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Partial cystectomy for urothelial carcinoma of the bladder: Practice patterns and outcomes in the general population.


Bladder cancer is a disease of the elderly who often have concomitant frailty and comorbidity[1]. Radical cystectomy (RC), long the standard management of muscle-invasive bladder cancer (MIBC), is a morbid procedure with a major complication rate even in high-volume centers of over 30%[2]. We have previously reported that among patients older than 80 years, 90-day postoperative mortality following radical cystectomy is 15%. Moreover, 5-year overall survival and cancer-specific survival are lower than in younger patients[3]. The morbidity of major exenterative and reconstructive surgery has led to the use of bladder-sparing techniques and protocols for some patients with MIBC, including maximal transurethral resection, radiation and chemotherapy[4,5]. However, many patients are not candidates for chemotherapy and therefore ineligible for optimal bladder sparing approaches[6]. Partial cystectomy (PC), ideally in conjunction with pelvic lymph node dissection (PLND), remains an option for highly selected patients with MIBC.

A handful of published reports have suggested that PC has comparable oncologic and survival outcomes to RC, however these reports predominately come from single-center series[7-9]. Partial cystectomy data often includes non-urothelial cancers and are therefore difficult to compare with radical cystectomy. Only a handful of studies have described utilization and outcome of PC in routine clinical practice[7,10,11]. We undertook a population-based retrospective cohort study to describe the use and outcomes of PC in the Canadian province of Ontario.


Study design and population

This is a secondary report of a population-based, retrospective cohort study of all patients with bladder cancer treated with cystectomy in the Canadian province of Ontario. Detailed methodology and primary results have been reported elsewhere[12]. Ontario has a single-payer universal health insurance program that covers a population of approximately 13.5 million. All incident cases of urothelial bladder cancer in Ontario who underwent cystectomy in 1994-2008 were identified using the Ontario Cancer Registry and linked treatment records. Surgical pathology reports were obtained for all cystectomy cases.

The primary objectives of this study were to describe the utilization and outcomes of PC in the surgical management of UCB at the population level, and compare these to patients undergoing RC. Ethics approval was obtained from the Research Ethics Board of Queen's University.

Data sources

The Ontario Cancer Registry (OCR) is a passive registry that captures diagnostic and demographic information on at least 98% of all incident cases of cancer diagnosed in the province of Ontario[13]. The following data was obtained via the OCR: International Classification of Disease, version 9 (ICD-9) code; the ICD-O histology code; date of diagnosis; date of birth; place of residence at diagnosis; vital status; date of death; and cause of death. Vital status was available up to December 31, 2010 and cause of death was available up to December 31, 2008. Socioeconomic status (SES) data of the community in which patients resided at time of diagnosis were linked to the OCR as described previously, divided into quintiles (Q) of median household income as compared to the entire province[14]. Q1 represents the communities where the poorest 20% of the Ontario population resided. Hospitalization records obtained from the Canadian Institute for Health Information (CIHI) included surgical interventions, length of stay and repeat admission to hospital. Hospital participation in collection of records is consistent and complete throughout Ontario[15]. Chemotherapy use was identified through provincial physician billing records and treatment records from Ontario's regional cancer centers. Surgical pathology reports were obtained from the Ontario Cancer Registry (OCR). An electronic database was created by a team of trained data abstractors who reviewed and abstracted data from the pathology reports. In this study we use pathologic (not clinical) stage.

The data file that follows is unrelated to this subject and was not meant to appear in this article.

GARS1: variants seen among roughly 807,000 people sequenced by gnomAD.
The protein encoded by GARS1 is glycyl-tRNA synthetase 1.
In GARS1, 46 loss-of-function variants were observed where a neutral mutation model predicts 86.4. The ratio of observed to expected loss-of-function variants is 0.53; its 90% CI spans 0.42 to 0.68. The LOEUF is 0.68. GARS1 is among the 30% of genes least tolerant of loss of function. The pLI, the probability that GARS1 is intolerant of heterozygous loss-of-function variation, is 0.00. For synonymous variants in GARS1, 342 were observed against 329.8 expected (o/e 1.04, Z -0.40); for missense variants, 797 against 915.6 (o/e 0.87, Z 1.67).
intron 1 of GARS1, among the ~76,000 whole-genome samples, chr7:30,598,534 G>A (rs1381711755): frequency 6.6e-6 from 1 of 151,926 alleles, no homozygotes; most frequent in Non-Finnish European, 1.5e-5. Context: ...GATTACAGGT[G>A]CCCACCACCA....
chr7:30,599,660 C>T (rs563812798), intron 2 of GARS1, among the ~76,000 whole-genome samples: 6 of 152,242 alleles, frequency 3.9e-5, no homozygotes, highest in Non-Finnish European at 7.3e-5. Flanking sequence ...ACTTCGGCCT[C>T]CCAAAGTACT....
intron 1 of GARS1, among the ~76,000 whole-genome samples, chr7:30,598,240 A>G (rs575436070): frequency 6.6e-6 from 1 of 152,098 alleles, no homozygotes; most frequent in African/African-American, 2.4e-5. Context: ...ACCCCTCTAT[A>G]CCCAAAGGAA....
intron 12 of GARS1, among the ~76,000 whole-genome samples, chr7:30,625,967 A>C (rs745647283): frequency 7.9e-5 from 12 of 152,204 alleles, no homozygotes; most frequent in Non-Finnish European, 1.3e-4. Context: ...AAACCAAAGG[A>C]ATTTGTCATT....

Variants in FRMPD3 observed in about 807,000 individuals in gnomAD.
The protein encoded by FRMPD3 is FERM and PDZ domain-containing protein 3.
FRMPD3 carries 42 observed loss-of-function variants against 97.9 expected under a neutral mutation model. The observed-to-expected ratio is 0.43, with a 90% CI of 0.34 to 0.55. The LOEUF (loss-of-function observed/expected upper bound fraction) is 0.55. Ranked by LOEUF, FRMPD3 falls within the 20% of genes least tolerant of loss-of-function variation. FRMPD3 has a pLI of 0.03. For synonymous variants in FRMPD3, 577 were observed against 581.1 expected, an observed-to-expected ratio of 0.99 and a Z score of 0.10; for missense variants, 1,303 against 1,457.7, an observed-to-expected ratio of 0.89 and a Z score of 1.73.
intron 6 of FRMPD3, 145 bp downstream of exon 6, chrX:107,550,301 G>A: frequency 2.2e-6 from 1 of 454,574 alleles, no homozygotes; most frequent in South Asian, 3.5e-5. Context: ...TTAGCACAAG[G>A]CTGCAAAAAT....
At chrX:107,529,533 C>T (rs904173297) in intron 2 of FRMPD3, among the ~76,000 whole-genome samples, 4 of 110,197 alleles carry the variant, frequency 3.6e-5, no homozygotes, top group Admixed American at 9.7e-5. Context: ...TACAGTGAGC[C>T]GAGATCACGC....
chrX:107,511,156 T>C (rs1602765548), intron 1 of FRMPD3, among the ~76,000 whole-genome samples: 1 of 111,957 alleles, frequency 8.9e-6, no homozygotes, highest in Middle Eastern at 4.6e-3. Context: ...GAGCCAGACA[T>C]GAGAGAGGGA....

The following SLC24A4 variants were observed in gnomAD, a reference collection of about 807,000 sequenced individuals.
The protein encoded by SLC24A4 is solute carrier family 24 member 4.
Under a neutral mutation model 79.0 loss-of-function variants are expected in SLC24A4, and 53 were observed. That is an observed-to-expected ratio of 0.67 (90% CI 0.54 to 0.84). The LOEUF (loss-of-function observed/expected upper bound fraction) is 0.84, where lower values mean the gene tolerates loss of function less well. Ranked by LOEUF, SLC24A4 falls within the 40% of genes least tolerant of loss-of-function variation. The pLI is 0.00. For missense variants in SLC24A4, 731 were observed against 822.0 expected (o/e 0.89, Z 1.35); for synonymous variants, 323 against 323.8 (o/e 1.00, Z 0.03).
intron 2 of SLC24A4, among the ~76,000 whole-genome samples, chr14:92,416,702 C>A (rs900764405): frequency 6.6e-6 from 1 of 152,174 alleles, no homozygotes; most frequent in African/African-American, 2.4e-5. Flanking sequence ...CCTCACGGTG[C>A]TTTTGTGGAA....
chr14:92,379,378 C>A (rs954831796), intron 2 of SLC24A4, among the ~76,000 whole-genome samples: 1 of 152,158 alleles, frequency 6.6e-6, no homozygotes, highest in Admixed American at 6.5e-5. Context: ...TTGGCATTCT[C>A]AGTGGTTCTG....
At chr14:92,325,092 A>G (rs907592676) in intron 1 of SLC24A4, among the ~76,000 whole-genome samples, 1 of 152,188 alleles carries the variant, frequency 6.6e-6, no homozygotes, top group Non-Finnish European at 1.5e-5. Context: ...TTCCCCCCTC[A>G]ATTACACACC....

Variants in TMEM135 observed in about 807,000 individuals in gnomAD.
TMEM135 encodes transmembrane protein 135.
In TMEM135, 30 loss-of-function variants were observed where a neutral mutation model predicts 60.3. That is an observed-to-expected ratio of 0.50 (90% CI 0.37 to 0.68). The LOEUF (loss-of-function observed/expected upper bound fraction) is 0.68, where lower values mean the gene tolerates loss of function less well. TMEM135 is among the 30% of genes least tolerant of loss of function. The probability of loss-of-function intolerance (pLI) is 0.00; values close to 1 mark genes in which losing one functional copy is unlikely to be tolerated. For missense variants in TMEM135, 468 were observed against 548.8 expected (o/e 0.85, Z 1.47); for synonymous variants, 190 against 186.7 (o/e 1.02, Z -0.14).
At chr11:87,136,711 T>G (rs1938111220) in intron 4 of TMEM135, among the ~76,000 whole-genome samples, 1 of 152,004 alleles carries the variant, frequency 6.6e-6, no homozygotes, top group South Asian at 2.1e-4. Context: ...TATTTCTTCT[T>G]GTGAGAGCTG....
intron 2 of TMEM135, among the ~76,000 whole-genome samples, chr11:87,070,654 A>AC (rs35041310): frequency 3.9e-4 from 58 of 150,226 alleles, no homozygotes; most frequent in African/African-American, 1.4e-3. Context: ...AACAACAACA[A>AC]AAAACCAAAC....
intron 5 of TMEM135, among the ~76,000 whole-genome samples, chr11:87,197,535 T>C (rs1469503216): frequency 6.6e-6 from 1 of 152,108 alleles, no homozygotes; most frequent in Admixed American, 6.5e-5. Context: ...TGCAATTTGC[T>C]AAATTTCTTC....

Comorbidity was classified by the Charlson Comorbidity Index, based on non-cancer diagnoses recorded within 5 years of surgery[16]. Neoadjuvant chemotherapy (NACT) was defined as occurring [less than or equal to]16 weeks before surgery, and adjuvant chemotherapy (ACT) within 16 weeks following surgery. Pre-operative radiotherapy (RT) was defined as RT giving within 16 weeks before cystectomy; post-operative RT was given within 16 weeks after cystectomy. RT beyond 16 weeks from surgery was considered to be salvage RT.

Statistical analysis

Overall (OS) and cancer-specific (CSS) survival were determined from date of surgery using the Kaplan-Meier technique and comparisons between groups were made using the log-rank test. Factors associated with PC